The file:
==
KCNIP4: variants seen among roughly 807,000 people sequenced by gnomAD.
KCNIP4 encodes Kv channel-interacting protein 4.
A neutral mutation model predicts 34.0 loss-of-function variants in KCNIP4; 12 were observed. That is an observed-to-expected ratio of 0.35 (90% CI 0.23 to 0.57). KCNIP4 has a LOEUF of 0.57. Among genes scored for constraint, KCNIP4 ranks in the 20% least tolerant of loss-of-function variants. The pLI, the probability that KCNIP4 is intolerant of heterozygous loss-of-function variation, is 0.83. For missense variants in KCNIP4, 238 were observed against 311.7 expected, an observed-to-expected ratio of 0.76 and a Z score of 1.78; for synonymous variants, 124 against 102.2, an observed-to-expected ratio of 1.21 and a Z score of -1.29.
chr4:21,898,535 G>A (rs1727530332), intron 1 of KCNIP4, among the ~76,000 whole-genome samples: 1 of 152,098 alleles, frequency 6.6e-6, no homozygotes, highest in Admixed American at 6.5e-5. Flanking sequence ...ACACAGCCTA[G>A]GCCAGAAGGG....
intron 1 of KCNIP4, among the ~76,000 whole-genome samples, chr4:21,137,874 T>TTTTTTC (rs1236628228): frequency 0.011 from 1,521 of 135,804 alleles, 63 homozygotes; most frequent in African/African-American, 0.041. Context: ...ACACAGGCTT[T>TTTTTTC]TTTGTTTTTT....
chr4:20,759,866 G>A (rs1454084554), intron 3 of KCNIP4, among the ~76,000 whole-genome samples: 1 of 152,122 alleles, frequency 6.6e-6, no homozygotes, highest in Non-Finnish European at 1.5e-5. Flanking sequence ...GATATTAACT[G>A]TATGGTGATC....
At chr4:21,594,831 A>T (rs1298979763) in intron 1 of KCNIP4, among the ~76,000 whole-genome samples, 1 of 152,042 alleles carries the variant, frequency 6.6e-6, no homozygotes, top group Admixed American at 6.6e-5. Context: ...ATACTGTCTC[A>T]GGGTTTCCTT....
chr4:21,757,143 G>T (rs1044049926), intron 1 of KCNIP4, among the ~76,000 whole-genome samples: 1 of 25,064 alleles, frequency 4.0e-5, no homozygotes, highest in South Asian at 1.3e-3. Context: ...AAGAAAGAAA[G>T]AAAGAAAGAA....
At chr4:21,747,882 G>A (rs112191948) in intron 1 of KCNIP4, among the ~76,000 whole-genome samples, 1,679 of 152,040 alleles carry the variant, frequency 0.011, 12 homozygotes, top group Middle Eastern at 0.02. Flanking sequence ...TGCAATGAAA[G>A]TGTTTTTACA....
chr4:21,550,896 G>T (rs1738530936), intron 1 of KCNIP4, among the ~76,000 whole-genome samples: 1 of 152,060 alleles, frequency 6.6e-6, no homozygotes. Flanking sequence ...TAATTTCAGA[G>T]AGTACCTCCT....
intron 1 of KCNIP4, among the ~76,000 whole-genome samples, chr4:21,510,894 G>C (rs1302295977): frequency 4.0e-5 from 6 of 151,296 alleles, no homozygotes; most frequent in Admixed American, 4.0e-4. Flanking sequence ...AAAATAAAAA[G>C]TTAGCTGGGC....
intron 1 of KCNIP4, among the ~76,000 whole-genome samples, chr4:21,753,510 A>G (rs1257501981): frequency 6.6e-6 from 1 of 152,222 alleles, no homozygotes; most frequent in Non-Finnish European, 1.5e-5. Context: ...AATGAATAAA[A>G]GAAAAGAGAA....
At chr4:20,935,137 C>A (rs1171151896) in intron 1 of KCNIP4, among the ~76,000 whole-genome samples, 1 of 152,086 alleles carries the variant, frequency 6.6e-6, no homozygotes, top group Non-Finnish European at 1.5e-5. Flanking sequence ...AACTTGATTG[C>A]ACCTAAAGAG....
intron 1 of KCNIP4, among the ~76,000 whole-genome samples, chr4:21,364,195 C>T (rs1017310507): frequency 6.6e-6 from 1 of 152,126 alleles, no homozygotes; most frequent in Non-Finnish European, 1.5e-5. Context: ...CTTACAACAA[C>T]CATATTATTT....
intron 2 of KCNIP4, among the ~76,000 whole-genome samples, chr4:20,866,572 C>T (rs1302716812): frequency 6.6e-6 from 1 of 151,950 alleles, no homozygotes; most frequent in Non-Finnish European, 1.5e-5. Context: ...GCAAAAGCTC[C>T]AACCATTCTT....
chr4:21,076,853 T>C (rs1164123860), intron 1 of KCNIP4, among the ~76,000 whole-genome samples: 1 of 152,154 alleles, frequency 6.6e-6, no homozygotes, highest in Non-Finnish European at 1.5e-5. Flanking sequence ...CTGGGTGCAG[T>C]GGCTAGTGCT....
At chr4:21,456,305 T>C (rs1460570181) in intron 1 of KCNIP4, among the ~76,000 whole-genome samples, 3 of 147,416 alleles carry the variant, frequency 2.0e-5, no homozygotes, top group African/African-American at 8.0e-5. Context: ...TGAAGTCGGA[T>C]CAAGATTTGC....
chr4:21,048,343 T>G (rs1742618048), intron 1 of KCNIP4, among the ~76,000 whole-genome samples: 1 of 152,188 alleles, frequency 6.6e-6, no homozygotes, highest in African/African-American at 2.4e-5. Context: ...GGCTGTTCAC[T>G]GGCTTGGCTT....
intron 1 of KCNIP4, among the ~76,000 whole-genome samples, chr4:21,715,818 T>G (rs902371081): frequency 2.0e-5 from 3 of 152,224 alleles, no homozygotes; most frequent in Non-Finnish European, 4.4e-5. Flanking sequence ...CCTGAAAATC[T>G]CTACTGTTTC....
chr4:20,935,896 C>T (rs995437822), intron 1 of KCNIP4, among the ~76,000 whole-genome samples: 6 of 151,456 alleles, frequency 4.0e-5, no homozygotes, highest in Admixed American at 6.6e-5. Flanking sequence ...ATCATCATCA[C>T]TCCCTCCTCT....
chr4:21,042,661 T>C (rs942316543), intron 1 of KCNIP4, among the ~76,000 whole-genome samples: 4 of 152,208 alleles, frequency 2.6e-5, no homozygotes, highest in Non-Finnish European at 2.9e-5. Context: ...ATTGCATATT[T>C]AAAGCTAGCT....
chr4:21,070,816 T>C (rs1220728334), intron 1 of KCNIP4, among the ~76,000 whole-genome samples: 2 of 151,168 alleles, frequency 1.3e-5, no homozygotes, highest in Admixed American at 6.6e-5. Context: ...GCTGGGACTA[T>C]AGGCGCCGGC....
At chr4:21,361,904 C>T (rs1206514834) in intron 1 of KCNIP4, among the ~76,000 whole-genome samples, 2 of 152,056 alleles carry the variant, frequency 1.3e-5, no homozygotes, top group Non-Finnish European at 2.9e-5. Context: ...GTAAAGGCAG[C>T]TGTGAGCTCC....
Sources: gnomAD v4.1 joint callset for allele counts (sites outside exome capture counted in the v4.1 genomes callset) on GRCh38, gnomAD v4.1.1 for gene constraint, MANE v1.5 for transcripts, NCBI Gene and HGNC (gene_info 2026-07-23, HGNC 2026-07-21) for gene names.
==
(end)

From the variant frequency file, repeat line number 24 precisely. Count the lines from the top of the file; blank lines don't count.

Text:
Sources: gnomAD v4.1 joint callset for allele counts (sites outside exome capture counted in the v4.1 genomes callset) on GRCh38, gnomAD v4.1.1 for gene constraint, MANE v1.5 for transcripts, NCBI Gene and HGNC (gene_info 2026-07-23, HGNC 2026-07-21) for gene names.